National Museum Turns Into A Giant One-Story Carcass

Reporters were allowed to walk around the 200-year-old building destroyed by a fire five months ago

National Museum after the fire that destroyed the building, five months ago Folhapress

Júlia Barbon Angela Boldrini
Rio de Janeiro and Brasília

Peeled walls, molten paint, exposed brick, and twisted steel beams and railings. Rio de Janeiro's National Museum became a giant carcass of a building with no roof or windows, five months after the fire that destroyed it along with its priceless collections.

On Tuesday (12th), the 200-year-old building was opened to the press for the first time -- but it's unclear when it will be open again for the public. The second and third stories are gone, collapsed by the flames, and the former shades of pink and yellow from the walls now are mixed with the black and brown from soot.

Bendengó, the biggest meteorite ever found in Brazil, still dominates the entrance hall. Farther ahead, the marble stairs show some consequences from the fire in the tiny holes the flames made in the non-skid stripes. The fire didn't reach the whole building equally -- lucky for the garden, one of the few areas spared by the fire.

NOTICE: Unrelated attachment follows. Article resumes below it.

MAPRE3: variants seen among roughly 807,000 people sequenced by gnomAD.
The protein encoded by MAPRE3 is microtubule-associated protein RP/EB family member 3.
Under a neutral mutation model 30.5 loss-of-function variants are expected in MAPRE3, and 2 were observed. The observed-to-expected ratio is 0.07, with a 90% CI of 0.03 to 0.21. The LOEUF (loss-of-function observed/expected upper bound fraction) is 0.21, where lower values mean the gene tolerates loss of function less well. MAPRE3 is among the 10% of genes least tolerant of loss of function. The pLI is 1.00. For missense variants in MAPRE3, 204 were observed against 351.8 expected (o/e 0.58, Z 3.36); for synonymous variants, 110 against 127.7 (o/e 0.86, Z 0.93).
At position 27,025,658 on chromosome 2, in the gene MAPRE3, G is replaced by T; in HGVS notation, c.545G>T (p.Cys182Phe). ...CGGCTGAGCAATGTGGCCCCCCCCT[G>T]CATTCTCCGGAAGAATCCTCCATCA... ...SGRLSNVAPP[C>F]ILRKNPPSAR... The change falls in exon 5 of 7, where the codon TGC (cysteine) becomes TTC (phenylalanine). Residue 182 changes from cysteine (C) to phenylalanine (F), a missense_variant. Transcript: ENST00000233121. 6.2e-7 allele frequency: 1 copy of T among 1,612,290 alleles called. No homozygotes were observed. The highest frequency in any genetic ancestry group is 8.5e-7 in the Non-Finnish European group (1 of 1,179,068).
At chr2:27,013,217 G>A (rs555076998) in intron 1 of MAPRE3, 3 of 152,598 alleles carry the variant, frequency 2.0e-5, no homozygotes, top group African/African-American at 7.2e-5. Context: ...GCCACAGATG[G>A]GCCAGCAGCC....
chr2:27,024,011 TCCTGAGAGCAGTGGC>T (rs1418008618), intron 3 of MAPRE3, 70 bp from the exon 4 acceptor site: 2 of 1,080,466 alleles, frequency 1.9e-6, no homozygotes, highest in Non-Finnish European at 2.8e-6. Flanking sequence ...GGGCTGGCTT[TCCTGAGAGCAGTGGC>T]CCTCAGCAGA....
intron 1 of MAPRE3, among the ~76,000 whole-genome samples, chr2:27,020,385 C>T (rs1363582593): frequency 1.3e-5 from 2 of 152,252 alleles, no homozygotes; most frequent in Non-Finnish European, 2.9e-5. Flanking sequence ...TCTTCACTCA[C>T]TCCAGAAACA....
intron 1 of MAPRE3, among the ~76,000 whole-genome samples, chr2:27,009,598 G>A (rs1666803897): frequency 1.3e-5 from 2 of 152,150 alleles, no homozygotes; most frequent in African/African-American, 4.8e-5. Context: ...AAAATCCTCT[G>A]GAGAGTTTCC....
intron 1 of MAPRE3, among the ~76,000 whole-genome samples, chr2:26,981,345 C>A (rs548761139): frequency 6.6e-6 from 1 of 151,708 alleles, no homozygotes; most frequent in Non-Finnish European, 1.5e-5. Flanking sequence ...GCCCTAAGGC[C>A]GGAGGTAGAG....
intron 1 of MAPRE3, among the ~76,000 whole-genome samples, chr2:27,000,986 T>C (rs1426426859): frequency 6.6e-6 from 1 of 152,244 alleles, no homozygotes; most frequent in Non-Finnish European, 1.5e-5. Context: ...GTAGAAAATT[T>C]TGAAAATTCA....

The building is filled with scaffolding and other supporting structures, that have been gradually installed by a staff of 60 workers contracted by UFRJ (Universal Federal do Rio de Janeiro) to reinforce the building temporarily. The reinforcements allow museum researchers to search for items from the collection safely.

At this point, every room in the museum has been entered, but not all of them have been adequately cleaned, says paleontologist Luciana Carvalho. One such place is the one that housed Luzia, the oldest human remains found in America. Luzia's skull and part of a thigh-bone were found in October.

So far, 2,000 items have been found, according to archeologist Cláudia Carvalho, who is supervising the search efforts. They have been collected, screened, cataloged, stabilized to avoid further deterioration, and then restored. The whole process is happening inside 20 containers set up outside the museum. But the scientists say they need 20 more.

Translated by NATASHA MADOV

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